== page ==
Wang, H., Fang, H., Wang, Y., Duan, L., and Guo, S. X. (2011). In situ seed baiting techniques in Dendrobium officinale Kimuraet Migo and Dendrobium nobile Lindl: the endangered Chinese endemic Dendrobium (Orchidaceae). World J. Microbiol. Biotechnol. 27, 2051–2059. doi: 10.1007/s11274-011-0667-9

CrossRef Full Text | Google Scholar

Wang, S., and Xie, Y. (2004). China species red list. Beijing: Higher Education Press.

Google Scholar

Wang, X., Yam, T. W., Meng, Q., Zhu, J., Zhang, P., Wu, H., et al. (2016). The dual inoculation of endophytic fungi and bacteria promotes seedlings growth in Dendrobium catenatum (Orchidaceae) under in vitro culture conditions. Plant Cell Tiss. Org. Cult. 126, 523–531. doi: 10.1007/s11240-016-1021-6

CrossRef Full Text | Google Scholar

Waud, M., Brys, R., Van Landuyt, W., Lievens, B., and Jacquemyn, H. (2017). Mycorrhizal specificity does not limit the distribution of an endangered orchid species. Mol. Ecol. 26, 1687–1701. doi: 10.1111/mec.14014

PubMed Abstract | CrossRef Full Text | Google Scholar

Waud, M., Busschaert, P., Lievens, B., and Jacquemyn, H. (2016). Specificity and localised distribution of mycorrhizal fungi in the soil may contribute to co-existence of orchid species. Fungal Ecol. 20, 155–165. doi: 10.1016/j.funeco.2015.12.008

CrossRef Full Text | Google Scholar

Weiss, M., Waller, F., Zuccaro, A., and Selosse, M. -A. (2016). Sebacinales-one thousand and one interactions with land plants. New Phytol. 211, 20–40. doi: 10.1111/nph.13977

PubMed Abstract | CrossRef Full Text | Google Scholar

White, T. J., Bruns, T., Lee, S., and Taylor, J. (1990). “Amplification and direct sequencing of fungal ribosomal RNA genes for phylogenetics” in PCR protocols: A guide to method and applications. eds. M. A. Innis, D. H. Gelfand, J. J. Sninsky, and T. J. White (San Diego: Academic Press), 315–322.

Google Scholar

Xing, X. K., Ma, X. T., Men, J., Chen, Y. H., and Guo, S. X. (2017). Phylogenetic constrains on mycorrhizal specificity in eight Dendrobium (Orchidaceae) species. Sci. China Life Sci. 60, 536–544. doi: 10.1007/s11427-017-9020-1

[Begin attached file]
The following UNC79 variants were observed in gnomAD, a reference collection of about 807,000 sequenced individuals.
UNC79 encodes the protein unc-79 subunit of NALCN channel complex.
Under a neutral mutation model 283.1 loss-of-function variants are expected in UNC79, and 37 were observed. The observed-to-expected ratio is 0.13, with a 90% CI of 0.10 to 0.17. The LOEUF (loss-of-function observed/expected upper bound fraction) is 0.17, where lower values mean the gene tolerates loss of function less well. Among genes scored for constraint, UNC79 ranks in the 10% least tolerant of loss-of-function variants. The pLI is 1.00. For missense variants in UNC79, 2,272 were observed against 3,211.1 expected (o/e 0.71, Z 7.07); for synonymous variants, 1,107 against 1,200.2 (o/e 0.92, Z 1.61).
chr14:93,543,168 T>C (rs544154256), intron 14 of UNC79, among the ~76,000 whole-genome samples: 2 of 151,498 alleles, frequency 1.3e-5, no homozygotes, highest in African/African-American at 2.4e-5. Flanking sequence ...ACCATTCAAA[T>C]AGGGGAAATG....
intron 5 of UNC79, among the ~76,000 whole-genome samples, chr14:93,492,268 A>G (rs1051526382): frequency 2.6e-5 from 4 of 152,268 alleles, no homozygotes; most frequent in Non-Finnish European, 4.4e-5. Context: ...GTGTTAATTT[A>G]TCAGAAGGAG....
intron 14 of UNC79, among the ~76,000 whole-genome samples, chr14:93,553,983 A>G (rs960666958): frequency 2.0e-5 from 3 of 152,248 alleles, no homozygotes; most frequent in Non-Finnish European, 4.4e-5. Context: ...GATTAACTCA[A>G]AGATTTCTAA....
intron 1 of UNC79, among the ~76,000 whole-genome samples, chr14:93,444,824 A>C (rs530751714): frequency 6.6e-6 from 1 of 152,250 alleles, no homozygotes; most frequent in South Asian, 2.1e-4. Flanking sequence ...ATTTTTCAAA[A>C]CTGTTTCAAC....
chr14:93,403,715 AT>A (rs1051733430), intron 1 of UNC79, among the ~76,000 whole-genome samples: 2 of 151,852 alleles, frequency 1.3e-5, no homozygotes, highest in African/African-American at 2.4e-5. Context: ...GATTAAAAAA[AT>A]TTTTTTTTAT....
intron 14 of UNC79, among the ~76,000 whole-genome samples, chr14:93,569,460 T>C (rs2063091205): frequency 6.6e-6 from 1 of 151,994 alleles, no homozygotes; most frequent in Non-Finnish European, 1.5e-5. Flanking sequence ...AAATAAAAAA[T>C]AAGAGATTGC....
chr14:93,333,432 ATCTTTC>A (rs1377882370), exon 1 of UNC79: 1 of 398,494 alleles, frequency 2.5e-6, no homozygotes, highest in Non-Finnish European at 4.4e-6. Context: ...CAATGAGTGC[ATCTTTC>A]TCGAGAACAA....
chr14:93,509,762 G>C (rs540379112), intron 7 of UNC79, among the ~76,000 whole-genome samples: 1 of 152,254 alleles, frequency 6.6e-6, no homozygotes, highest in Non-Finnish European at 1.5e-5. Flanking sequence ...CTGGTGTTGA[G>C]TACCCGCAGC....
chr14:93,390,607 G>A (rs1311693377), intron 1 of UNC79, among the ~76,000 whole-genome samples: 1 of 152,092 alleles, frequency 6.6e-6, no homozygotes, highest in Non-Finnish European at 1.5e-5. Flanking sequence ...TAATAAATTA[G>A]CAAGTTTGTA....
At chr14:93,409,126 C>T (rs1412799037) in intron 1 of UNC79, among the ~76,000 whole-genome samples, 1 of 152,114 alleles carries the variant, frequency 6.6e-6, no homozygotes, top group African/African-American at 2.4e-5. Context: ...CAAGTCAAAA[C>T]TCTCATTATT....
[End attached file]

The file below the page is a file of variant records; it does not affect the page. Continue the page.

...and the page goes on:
PubMed Abstract | CrossRef Full Text | Google Scholar

Yeh, C. M., Chung, K., Liang, C. K., and Tsai, W. C. (2019). New insights into the symbiotic relationship between orchids and fungi. Appl. Sci. 9, 585–598. doi: 10.3390/app9030585

CrossRef Full Text | Google Scholar

Zettler, L. W., Burkhead, J. C., and Marshall, J. A. (1999). Use of a mycorrhizal fungus from Epidendrum conopseum to germinate seed of Encyclia tampensis in vitro. Lindleyana 14, 102–105.

Google Scholar

Zhou, X., and Gao, J. Y. (2016). Highly compatible Epa-01 strain promotes seed germination and protocorm development of Papilionanthe teres (Orchidaceae). Plant Cell Tiss. Org. Cult. 125, 479–493. doi: 10.1007/s11240-016-0964-y

CrossRef Full Text | Google Scholar

Zi, X. M., Sheng, C. L., Goodale, U. M., Shao, S. C., and Gao, J. Y. (2014). In situ seed baiting to isolate germination-enhancing fungi for an epiphytic orchid, Dendrobium aphyllum (Orchidaceae). Mycorrhiza 24, 487–499. doi: 10.1007/s00572-014-0565-8

PubMed Abstract | CrossRef Full Text | Google Scholar

Keywords: orchid mycorrhizal fungi, Serendipitaceae, specificity, symbiotic seed germination, Tulasnella

Citation: Shao S-C, Luo Y and Jacquemyn H (2020) Co-Cultures of Mycorrhizal Fungi Do Not Increase Germination and Seedling Development in the Epiphytic Orchid Dendrobium nobile. Front. Plant Sci. 11:571426. doi: 10.3389/fpls.2020.571426

Received: 10 June 2020; Accepted: 29 September 2020;
Published: 22 October 2020.

Edited by:

Raffaella Balestrini, Italian National Research Council, Italy

Reviewed by:

Federico Vita, University of Florence, Italy
Jacopo Calevo, University of Naples Federico II, Italy

Copyright © 2020 Shao, Luo and Jacquemyn. This is an open-access article distributed under the terms of the Creative Commons Attribution License (CC BY). The use, distribution or reproduction in other forums is permitted, provided the original author(s) and the copyright owner(s) are credited and that the original publication in this journal is cited, in accordance with accepted academic practice. No use, distribution or reproduction is permitted which does not comply with these terms.

*Correspondence: Hans Jacquemyn, hans.jacquemyn@kuleuven.be